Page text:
From D’Amato to that other great master of Italian cinema, Vittorio De Sica. (Yes, I’m kidding.) I have no confession to disclose about Bicycle Thieves (1948, better known as The Bicycle Thief but given a more accurate translation for this special edition). It is considered one of the great classics of cinema, and I certainly wouldn’t argue that. If anything, Criterion’s wonderful new two-disc special edition ($39.95) only confirmed that for me. Perhaps the film most closely identified with the Italian Neorealist movement by Americans (though it’s much more sentimental and contrived than Rossellini’s work from the same period), Bicycle Thieves deserves more analysis than space permits here. Simply stated, it’s one of those DVDs that every self-respecting cineaste must own (watch it on a triple bill with Criterion’s discs of Akira Kurosawa’s Ikiru and René Clément’s Forbidden Games and see which one makes you weep the most). De Sica’s deceptively simple portrait of one man’s determination and defeat remains a profoundly moving film, and Criterion’s set also provides an excellent overview of both De Sica’s career and the Neorealist wave of cinema, with a second disc of noteworthy extras.
Jules Dassin’s The Naked City (1948) is a film that I loved years ago—and I still remain excited by the stunning New York location shooting (the climactic Williamsburg Bridge chase remains a knockout). But after having seen so many other examples of film noir in recent years, I can’t help but find Albert Maltz and Marvin Wald’s screenplay plodding and turgid. Despite the fact that it does give the film one of cinema’s most famous final lines, the incessant narration now grates my nerves. But I’m in the minority. The Naked City is one of two Dassin films just released by Criterion (both $39.95), but I prefer its less well-regarded predecessor, the prison escape drama Brute Force (1947). The storyline may be more formulaic, but Brute Force is enlivened by forceful performances from Burt Lancaster as the con with a yearning for freedom and Hume Cronyn as the sadistic head guard. Ultimately though, both are great releases, with informative commentary tracks and several new video interviews.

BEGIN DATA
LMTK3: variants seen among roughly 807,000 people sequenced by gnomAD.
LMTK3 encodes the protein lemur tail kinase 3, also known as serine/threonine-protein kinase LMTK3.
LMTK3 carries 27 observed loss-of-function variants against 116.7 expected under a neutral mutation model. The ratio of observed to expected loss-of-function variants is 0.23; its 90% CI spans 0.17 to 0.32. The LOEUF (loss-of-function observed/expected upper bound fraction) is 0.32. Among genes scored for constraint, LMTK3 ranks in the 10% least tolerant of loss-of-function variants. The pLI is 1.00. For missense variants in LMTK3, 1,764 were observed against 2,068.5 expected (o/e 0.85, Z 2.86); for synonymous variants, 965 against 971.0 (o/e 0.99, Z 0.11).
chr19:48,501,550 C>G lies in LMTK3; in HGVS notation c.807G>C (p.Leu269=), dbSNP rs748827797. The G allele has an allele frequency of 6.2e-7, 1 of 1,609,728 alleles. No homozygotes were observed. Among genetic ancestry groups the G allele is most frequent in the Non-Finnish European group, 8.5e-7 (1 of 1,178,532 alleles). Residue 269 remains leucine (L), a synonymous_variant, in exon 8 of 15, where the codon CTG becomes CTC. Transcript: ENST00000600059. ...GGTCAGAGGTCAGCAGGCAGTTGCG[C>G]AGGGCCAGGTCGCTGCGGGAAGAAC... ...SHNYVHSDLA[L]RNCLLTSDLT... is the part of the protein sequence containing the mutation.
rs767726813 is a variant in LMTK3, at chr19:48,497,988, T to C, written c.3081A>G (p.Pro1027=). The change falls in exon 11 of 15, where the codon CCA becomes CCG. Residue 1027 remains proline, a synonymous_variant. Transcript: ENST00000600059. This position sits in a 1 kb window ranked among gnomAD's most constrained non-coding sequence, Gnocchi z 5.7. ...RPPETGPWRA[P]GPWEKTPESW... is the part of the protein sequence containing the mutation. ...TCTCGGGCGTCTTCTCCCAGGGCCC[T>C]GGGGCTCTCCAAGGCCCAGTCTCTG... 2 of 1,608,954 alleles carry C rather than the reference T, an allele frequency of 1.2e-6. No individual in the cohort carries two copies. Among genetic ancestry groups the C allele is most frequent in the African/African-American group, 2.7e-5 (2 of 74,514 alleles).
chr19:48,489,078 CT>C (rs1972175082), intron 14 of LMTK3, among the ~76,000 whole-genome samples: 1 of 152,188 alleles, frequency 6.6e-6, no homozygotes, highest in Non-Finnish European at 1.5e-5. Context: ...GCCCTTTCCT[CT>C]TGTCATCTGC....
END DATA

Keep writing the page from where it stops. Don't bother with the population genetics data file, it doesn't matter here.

A final confession: I have always loved Scorpio Rising and Lucifer Rising, two later films by famed experimental moviemaker (and Hollywood Babylon muckraker) Kenneth Anger, so I awaited Fantoma’s long-delayed The Films of Kenneth Anger, Volume 1 ($24.98) with great anticipation. Now that it has arrived, I wish my expectations hadn’t been so high. Not that I’m not grateful for its release—or that there isn’t extraordinary material on the disc. But while the company’s desire to carefully catalog Anger’s short film work in proper chronological order is admirable, Fantoma has subsequently begun their series on this director with a disc that has just as many unsatisfying fragments as it does fully realized work.
Truthfully, I found the first three shorts—Fireworks (1947), Puce Moment (1949) and Rabbit’s Moon (1950)—to be of little more than pure historical interest (though, to be fair, the latter two are only excerpts of unfinished works). But Anger definitely matured with the sublime Eaux d’Artifice (1953) and, of course, his surreal and hallucinatory magnum opus, Inauguration of the Pleasure Dome (1954), which is still entrancing. Still kicking at age 80, Anger also provides commentary on the five shorts, and there’s a beautiful 48-page booklet featuring essays by everyone from Martin Scorsese to Anais Nin.
Okay, so I live in Philadelphia, I don’t like The Naked City as much as I used to and I enjoy the occasional slice of 1970s Euro sleaze cheese. Twelve Hail Marys should cover it, right?